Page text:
Published: 14:39, February 5, 2020 | Updated: 08:09, June 6, 2023
Coronavirus outbreak changes consumption patterns in S. Korea
By The Korea Herald/ANN

People in traditional Korean hanbok dresses wear face masks as they visit Gyeongbokgung palace in Seoul, South Korea, on Feb 3, 2020. (JUNG YEON-JE / AFP)

SEOUL - Park Seon-hee, a resident of western Seoul, stayed home over the weekend, cancelling her plans to meet friends, as more cases of novel coronavirus infections were reported.

She and her husband chose to order in food, though she is now considering purchasing premade food products online or cooking from scratch.

South Korean consumers are increasingly turning to online shopping as the outbreak continues to fuel concerns about going to crowded areas, potentially pulling down overall consumption.

South Korean consumers are increasingly turning to online shopping as the outbreak continues to fuel concerns about going to crowded areas, potentially pulling down overall consumption

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E-commerce giant Gmarket said Sunday sales of home-style lunches rose 723 percent between Tuesday and Wednesday compared to the previous year. Sales of instant rice, fried rice and instant stew rose 21 percent, 16 percent and 13 percent, respectively.

Another e-commerce firm Coupang saw the number of orders for its Rocket Delivery services - which guarantees next-day delivery of goods - reach 3.3 million on Tuesday, the largest ever. On Saturday, it announced on its website that there could be a delay of up to two hours due to the surge of orders.

Tmon also saw a surge of up to 300 percent in household and food sales on-year from Jan 28 to 30. Grocery delivery platform Market Kurly closed orders for refrigerated products on Sunday because orders had skyrocketed for refrigerated goods.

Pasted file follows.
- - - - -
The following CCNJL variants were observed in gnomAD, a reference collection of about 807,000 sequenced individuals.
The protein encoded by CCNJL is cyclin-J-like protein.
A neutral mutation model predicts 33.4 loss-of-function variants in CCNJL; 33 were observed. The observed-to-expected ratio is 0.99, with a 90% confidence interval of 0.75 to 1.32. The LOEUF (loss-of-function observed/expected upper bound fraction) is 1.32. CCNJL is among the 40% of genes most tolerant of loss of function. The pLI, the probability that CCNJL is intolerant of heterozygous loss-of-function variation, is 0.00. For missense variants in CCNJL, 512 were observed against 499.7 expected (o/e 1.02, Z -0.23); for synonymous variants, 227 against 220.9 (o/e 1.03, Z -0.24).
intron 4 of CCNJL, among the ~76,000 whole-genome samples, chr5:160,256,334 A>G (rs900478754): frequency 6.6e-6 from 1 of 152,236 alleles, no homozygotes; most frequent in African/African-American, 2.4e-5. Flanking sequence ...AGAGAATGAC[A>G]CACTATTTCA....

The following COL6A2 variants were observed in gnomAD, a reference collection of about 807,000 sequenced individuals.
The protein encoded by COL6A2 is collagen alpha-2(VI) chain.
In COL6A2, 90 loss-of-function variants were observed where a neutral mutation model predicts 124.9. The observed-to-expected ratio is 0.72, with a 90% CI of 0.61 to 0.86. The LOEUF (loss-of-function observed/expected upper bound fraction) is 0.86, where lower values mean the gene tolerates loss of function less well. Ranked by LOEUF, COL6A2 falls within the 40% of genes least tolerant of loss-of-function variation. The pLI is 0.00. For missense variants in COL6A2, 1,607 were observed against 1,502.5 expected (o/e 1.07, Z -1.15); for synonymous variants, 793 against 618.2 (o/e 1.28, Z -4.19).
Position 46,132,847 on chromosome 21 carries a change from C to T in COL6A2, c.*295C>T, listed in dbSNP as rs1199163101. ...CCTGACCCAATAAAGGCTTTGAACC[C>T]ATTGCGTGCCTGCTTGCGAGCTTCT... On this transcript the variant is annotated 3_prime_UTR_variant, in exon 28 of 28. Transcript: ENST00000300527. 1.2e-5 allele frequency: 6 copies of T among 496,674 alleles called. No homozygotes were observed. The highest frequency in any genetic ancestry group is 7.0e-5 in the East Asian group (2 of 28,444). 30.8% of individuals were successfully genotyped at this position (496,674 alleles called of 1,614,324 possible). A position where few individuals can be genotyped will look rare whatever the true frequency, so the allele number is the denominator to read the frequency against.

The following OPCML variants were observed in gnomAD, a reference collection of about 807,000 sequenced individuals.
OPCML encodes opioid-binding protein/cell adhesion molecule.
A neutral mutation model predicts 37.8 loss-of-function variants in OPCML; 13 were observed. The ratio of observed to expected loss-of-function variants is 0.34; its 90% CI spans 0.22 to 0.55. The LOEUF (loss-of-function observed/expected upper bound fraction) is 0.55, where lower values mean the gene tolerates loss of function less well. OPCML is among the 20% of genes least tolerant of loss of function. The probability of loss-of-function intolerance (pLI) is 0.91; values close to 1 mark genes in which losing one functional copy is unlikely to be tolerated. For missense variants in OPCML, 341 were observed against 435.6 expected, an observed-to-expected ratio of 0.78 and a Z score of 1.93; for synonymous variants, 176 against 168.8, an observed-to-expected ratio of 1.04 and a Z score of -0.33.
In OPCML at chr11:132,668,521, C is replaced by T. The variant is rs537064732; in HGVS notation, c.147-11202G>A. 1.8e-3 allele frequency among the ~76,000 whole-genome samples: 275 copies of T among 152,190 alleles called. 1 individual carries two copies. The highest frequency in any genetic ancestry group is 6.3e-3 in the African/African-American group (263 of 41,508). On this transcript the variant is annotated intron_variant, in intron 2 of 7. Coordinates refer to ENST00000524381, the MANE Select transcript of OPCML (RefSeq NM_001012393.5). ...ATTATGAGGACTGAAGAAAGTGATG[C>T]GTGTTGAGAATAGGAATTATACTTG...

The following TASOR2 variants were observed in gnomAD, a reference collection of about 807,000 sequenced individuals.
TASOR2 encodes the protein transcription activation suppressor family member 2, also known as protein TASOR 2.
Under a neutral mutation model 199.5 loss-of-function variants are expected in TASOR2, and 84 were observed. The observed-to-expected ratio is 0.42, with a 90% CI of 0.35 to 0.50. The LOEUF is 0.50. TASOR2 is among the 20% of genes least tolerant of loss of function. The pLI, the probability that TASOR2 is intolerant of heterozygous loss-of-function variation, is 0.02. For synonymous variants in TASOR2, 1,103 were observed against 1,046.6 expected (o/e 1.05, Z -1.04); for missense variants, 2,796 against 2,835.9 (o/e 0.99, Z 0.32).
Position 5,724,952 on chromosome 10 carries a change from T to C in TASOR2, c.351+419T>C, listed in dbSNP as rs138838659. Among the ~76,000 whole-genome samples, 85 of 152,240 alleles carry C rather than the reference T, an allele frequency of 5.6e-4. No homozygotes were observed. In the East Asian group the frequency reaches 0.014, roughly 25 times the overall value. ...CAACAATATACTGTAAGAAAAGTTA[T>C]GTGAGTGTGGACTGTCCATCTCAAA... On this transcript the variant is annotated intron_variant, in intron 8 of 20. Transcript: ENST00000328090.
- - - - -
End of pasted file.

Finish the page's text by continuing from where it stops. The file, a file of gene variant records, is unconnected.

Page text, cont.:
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On the other hand, concerns are rising among small and big businesses relying on offline transactions.

“Although thankfully we haven’t seen a drastic drop in customers yet, we are seriously worried about the weeks ahead, as the virus will definitely discourage more people from eating out,” said Jeong Jae-hoon, 42, an owner of a bistro in northern Seoul.

Data shows that an epidemic can have a direct impact on large retailers as well.

Upon the outbreak of the Middle East respiratory syndrome five years ago, sales of department stores and large supermarkets here went down 12 percent and 10 percent, respectively.

Industry watchers say the spread of the virus may pull down the country’s consumer sentiment just when the index started rebounding for the first time in 19 months. They cite the 7.1 point drop in the composite consumer price index in June 2015 upon the MERS outbreak.

According to the Bank of Korea last week, the composite consumer sentiment index came in at 104.2 in January, up 3.7 points from December. This was the highest since 105.6 in June 2018.

A figure above 100 means an optimistic outlook. The central bank said the latest figure did not take into account the coronavirus and that it will be reflected in February’s index. 

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In broader terms, industries relying on exports to China will also be negatively affected if the outbreak of the coronavirus is prolonged, observers say.

In 2018, Korea’s exports to China amounted to US$604 billion, with 3,751 companies entering China.

The Trade Ministry said that if the new coronavirus spreads, exports to China will be “difficult” because the neighboring nation “plays a key role” in the global manufacturing value chain.

“If the restrictions on transportation are tightened in China and factory operations are suspended, this will affect large and small Korean companies doing business in China. This is because 70-80 percent of our exports to China are intermediate goods,” said Chung In-kyo, a professor of international trade at Inha University.

The National Assembly Budget Office said the impact of a 1 percent drop in China’s gross domestic product is estimated to cause Korea’s exports to China to decrease by 0.5 percent and GDP by 0.2 percent.

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The decline of China’s consumption, however, will not significantly affect Korea’s GDP because consumer goods account for only 3.4 percent of Korean exports to China, the budget office said.